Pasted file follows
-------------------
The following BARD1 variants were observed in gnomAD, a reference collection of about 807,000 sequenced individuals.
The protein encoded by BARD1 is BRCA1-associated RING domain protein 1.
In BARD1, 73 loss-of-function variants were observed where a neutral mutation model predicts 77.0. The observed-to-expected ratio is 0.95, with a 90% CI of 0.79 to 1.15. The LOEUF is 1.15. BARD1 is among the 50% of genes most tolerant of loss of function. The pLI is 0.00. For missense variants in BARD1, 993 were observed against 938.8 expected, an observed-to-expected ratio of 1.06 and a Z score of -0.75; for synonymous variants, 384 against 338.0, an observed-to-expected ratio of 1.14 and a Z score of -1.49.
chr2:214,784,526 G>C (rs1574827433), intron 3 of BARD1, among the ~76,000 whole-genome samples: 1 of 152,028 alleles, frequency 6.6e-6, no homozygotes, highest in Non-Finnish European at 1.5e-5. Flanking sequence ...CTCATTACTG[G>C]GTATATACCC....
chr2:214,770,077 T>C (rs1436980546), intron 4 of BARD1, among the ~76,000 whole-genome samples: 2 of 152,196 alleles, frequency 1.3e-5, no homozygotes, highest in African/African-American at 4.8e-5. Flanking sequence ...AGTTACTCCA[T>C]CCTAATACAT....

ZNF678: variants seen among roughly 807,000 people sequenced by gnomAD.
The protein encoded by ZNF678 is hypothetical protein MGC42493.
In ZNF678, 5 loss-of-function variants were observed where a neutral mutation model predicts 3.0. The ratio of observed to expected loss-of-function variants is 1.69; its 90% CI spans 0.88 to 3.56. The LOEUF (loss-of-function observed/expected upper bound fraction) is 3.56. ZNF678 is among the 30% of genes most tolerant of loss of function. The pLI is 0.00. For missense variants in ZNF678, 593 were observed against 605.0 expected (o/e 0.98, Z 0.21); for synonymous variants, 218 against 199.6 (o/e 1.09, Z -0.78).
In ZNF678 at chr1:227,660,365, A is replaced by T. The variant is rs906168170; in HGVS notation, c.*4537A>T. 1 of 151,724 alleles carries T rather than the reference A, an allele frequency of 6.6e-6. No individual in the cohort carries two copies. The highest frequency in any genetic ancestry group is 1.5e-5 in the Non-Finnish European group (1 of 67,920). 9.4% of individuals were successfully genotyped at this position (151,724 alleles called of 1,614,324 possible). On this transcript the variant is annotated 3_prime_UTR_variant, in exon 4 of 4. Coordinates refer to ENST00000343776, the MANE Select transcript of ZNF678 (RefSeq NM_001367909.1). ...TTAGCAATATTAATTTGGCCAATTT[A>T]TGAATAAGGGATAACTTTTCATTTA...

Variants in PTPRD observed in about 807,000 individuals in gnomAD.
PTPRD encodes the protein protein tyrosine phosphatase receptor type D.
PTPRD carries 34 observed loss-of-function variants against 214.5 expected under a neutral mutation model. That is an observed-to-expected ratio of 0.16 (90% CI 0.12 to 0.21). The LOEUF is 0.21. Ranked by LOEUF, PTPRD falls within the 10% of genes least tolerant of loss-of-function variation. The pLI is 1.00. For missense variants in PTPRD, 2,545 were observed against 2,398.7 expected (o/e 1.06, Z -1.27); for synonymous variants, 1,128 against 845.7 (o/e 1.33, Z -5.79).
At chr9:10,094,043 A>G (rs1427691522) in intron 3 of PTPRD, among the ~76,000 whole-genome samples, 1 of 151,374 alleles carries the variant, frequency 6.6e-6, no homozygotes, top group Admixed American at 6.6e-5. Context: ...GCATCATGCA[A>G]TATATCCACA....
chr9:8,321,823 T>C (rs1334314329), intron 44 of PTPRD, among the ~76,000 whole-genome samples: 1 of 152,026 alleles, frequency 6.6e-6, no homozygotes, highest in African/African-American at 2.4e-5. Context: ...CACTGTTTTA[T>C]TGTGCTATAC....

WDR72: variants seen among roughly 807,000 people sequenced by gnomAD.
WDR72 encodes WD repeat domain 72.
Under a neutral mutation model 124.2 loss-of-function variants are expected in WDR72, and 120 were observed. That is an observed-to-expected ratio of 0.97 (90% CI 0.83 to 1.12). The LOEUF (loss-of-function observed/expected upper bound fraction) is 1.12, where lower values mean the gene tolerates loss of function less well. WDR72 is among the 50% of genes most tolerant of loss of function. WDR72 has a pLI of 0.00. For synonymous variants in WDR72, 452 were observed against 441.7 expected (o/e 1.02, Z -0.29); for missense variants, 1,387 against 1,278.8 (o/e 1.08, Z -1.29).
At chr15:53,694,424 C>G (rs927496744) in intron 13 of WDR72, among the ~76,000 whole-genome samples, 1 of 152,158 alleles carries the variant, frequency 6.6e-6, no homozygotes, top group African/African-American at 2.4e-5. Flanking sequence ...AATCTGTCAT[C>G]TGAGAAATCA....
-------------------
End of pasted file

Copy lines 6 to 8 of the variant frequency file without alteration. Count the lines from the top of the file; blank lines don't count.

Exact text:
ZNF678: variants seen among roughly 807,000 people sequenced by gnomAD.
The protein encoded by ZNF678 is hypothetical protein MGC42493.
In ZNF678, 5 loss-of-function variants were observed where a neutral mutation model predicts 3.0. The ratio of observed to expected loss-of-function variants is 1.69; its 90% CI spans 0.88 to 3.56. The LOEUF (loss-of-function observed/expected upper bound fraction) is 3.56. ZNF678 is among the 30% of genes most tolerant of loss of function. The pLI is 0.00. For missense variants in ZNF678, 593 were observed against 605.0 expected (o/e 0.98, Z 0.21); for synonymous variants, 218 against 199.6 (o/e 1.09, Z -0.78).